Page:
B.C’s businesses recover after wildfires

B.C’s businesses recover after wildfires

A Williams Lake business owner says it’s been a hard summer

Wildfires raging through the Cariboo have businesses worried about their profits.

More than 250 local companies have called the B.C. Economic Development Association’s business recovery hotline, according to CEO Dale Wheeldon.

Many of those are from cities hit hardest by this year’s wildfire season, including Williams Lake and 100 Mile House.


Fire ravaged trees near Williams Lake. Katya Slepian/Black Press.

“The majority of the callers are retailers, tourism and hospitality, forestry, food services – those kinds of sectors,” Wheeldon said.

The hotline was set up in July to help with everything from getting employment insurance, to connecting

Williams Lake, which is surrounded by several fires included the Riske Creek fire, the Wildwood fire and the Spokin Lake fire, spent two weeks under an evacuation order. Tom Wong, who owns Caribou Ski Source for Sports, said his business took a big hit when the store had to close.

“We were shut down for three weeks,” Wong said, who has owned the store since 1988. “It will be the biggest impact on anything that we’ve ever had.”

READ: Anticipated rain a ‘wildcard’ for B.C.’s wildfires

He’s lucky – the business has interruption insurance, which means their profits will be covered.

“The employees are still going to be out some,” said Wong. “Employment insurance doesn’t cover 100 per cent of what they would have made in that time.”

And the store itself will still suffer losses, he noted, because Wong can’t cancel shipments he made for fall merchandise in advance.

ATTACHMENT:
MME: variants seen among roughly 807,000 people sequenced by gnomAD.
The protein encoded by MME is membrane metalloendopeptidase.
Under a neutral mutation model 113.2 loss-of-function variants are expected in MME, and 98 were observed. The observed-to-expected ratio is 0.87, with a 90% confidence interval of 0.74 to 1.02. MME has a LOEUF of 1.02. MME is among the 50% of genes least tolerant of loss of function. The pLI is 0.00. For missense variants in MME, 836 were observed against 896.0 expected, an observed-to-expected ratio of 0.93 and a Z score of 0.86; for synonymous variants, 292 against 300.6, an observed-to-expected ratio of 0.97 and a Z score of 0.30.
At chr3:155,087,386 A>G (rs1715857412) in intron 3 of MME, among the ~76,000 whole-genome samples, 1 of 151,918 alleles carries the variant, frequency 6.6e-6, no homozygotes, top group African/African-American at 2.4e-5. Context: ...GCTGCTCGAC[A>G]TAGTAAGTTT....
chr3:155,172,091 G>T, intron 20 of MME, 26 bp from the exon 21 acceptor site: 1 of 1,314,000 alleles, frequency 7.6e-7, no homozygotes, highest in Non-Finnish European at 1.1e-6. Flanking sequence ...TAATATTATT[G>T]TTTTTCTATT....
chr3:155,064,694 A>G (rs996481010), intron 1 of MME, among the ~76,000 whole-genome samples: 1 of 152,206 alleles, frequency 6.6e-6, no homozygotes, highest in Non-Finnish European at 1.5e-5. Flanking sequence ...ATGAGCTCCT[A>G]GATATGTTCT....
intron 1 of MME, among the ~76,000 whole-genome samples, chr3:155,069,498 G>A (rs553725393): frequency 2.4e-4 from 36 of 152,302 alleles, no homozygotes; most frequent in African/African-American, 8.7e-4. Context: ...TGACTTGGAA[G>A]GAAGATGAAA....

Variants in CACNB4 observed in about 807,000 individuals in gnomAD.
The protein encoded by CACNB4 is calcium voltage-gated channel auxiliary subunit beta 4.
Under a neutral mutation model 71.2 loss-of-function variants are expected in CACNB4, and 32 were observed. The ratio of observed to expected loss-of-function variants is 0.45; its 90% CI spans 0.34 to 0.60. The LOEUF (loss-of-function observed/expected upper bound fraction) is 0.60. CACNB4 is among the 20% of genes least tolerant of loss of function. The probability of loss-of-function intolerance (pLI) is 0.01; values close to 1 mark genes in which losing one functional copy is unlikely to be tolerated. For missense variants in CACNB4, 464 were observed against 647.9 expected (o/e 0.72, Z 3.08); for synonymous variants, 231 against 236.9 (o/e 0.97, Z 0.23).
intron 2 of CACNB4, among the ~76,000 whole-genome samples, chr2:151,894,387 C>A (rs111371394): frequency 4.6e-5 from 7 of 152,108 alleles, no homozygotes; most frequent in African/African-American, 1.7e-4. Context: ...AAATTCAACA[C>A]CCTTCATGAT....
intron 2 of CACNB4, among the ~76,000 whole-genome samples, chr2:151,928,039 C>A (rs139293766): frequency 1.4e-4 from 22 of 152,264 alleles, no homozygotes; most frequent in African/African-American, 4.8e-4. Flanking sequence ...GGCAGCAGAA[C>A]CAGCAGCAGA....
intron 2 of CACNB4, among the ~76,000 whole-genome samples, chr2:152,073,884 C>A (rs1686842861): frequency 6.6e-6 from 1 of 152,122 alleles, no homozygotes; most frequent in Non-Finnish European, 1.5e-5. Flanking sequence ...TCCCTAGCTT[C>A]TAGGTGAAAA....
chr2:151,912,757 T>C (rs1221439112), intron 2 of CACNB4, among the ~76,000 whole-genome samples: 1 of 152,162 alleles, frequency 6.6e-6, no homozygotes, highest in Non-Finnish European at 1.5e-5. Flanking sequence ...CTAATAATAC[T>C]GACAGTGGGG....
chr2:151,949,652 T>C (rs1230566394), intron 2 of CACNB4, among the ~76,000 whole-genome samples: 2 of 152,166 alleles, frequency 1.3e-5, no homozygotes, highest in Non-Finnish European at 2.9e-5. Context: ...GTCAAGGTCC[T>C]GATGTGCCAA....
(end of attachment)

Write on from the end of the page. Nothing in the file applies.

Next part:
“We buy everything six months in advance,” said Wong. “All the stuff that normally sells in the month of July, like shorts, water sports – that stuff’s all definitely going to be backed up.”

But Wong said he’s somewhat lucky. Had the evacuation order come down in August, it would have squashed his back-to-school sales.

“From that perspective… that’s a positive,” said Wong. “But I don’t think we can make up [lost profits]. I think we’ll just be down for the year.”

He’s trying to look at any silver linings and hopes that businesses who’ve done well as a result of the fire – from appliance repair shops to fire apparatus retailers to hotels – will help out those who’ve suffered by spending any extra cash.

“Everyone’s lost a paycheque. How is that going to impact your spending for all the stuff that you need?” Wong said. “For me that would be back to school, hockey season…”

He’s trying to make the little things a bit more affordable for people who are out cash because of the evacuations.

“Right now, when the evacuation alert is on everything is an extra 20 per cent off,” said Wong. “That’s just to try and get people to have some normalcy, so their kids can still play soccer, hockey, albeit their budget may not be as big.”

Meanwhile, the business recovery hotline will be open until the impacts of the wildfire season see relief.

Any businesses affected by the wildfires can call the hotline at 1-877-422-3377.


@katslepian

katya.slepian@bpdigital.ca

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